A plaque remaining from the Big Apple Night Club at West 135th Street and Seventh Avenue in Harlem.

Above, a 1934 plaque from the Big Apple Night Club at West 135th Street and Seventh Avenue in Harlem. Discarded as trash in 2006.

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Entry from September 26, 2011
Straw Poll (Straw Vote)

A “straw poll” (or “straw vote") is a vote on a candidate or issue; straws are not used tally the votes, but straws might originally have been used. The early straw votes were taken on board steamboats, and the term “steam boat vote” has been cited in print since at least 1828.

“Straw vote” has been cited in print since at least 1866 (when it was used in Ohio) and “straw poll” has been cited in print since at least 1891 (when it was used in South Dakota).


Wikipedia: Straw poll
A straw poll or straw vote is a vote with nonbinding results. Straw polls provide dialogue among movements within large groups, reflecting trends like organization and motivation. In meetings subject to rules of order, impromptu straw polls often are taken to see if there is enough support for an idea to devote more meeting time to it, and (when not a secret ballot) for the attendees to see who is on which side of a question. However, Robert’s Rules of Order prohibits straw polls, calling them “meaningless and dilatory” because they subvert the deliberative charge of deliberative bodies. Among political bodies, straw polls often are scheduled for events at which many people interested in the polling question can be expected to vote. Sometimes polls conducted without ordinary voting controls in place (i.e., on an honor system, such as in online polls) are also called “straw polls”.

The idiom may allude to a straw (thin plant stalk) held up to see in what direction the wind blows, in this case, the wind of group opinion. Other possible origins include allusion to the insignificance of straw as in “straw man”.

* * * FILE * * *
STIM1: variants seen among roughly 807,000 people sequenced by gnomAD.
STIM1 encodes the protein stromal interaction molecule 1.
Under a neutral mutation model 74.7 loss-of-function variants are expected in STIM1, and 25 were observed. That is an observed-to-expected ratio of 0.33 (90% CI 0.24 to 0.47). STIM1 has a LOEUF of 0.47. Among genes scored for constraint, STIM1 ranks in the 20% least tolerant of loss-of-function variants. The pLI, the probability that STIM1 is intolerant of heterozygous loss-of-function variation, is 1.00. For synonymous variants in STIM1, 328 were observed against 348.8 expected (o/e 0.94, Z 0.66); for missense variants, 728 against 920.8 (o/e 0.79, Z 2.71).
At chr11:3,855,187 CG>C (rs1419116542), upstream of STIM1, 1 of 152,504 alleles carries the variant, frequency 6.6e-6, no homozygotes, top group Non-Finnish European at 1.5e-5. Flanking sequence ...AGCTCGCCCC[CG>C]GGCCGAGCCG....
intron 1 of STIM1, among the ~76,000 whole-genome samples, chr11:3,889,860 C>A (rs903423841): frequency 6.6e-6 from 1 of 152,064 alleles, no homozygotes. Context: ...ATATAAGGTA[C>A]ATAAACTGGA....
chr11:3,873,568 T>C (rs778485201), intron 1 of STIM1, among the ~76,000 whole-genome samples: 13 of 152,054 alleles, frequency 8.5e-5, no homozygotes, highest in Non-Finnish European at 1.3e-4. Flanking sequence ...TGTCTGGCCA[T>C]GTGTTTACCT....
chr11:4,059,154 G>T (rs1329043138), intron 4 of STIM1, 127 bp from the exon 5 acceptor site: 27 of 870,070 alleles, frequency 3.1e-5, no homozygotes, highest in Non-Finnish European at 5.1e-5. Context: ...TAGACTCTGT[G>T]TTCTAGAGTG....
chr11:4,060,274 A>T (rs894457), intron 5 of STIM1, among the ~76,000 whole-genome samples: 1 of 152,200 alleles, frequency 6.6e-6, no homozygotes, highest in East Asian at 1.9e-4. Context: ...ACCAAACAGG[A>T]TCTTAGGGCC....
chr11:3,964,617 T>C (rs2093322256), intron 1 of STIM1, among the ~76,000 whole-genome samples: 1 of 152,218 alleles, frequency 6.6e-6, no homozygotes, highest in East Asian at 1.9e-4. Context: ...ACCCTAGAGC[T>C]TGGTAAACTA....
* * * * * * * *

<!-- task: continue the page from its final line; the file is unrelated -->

Washington (DC) Post—Politics Glossary
straw poll
An unofficial vote that is used to gauge the possible outcome of an official vote in an upcoming election. If enough randomly selected voters participate in a straw poll it can be one effective measure of voter sentiment. Some straw polls, however, allow candidates to manipulate the outcome by offering food, transportation, entertainment and other inducements to voters.

Free Merriam-Webster Dictionary
straw vote noun
Definition of STRAW VOTE
: an unofficial vote taken (as at a chance gathering) to indicate the relative strength of opposing candidates or issues —called also straw poll
First Known Use of STRAW VOTE
1866

(Oxford English Dictionary)
straw vote n. orig. U.S. an unofficial vote taken in order to indicate the relative strength of opposing candidates or issues.
1866 Cleveland (Ohio) Leader 6 Oct. 4/2 A straw vote taken on a Toledo train yesterday resulted as follows; A. Johnson 12; Congress, 47.
1887 San Francisco Thunderbolt 4 Nov. 1.  The straw vote taken at the ‘Report’ office is unreliable.
1906 Daily Chron. 24 Oct. 4/5 ‘Straw’ votes, which have recently been taken in the New York State campaign, indicate that Mr. Hearst will be badly beaten.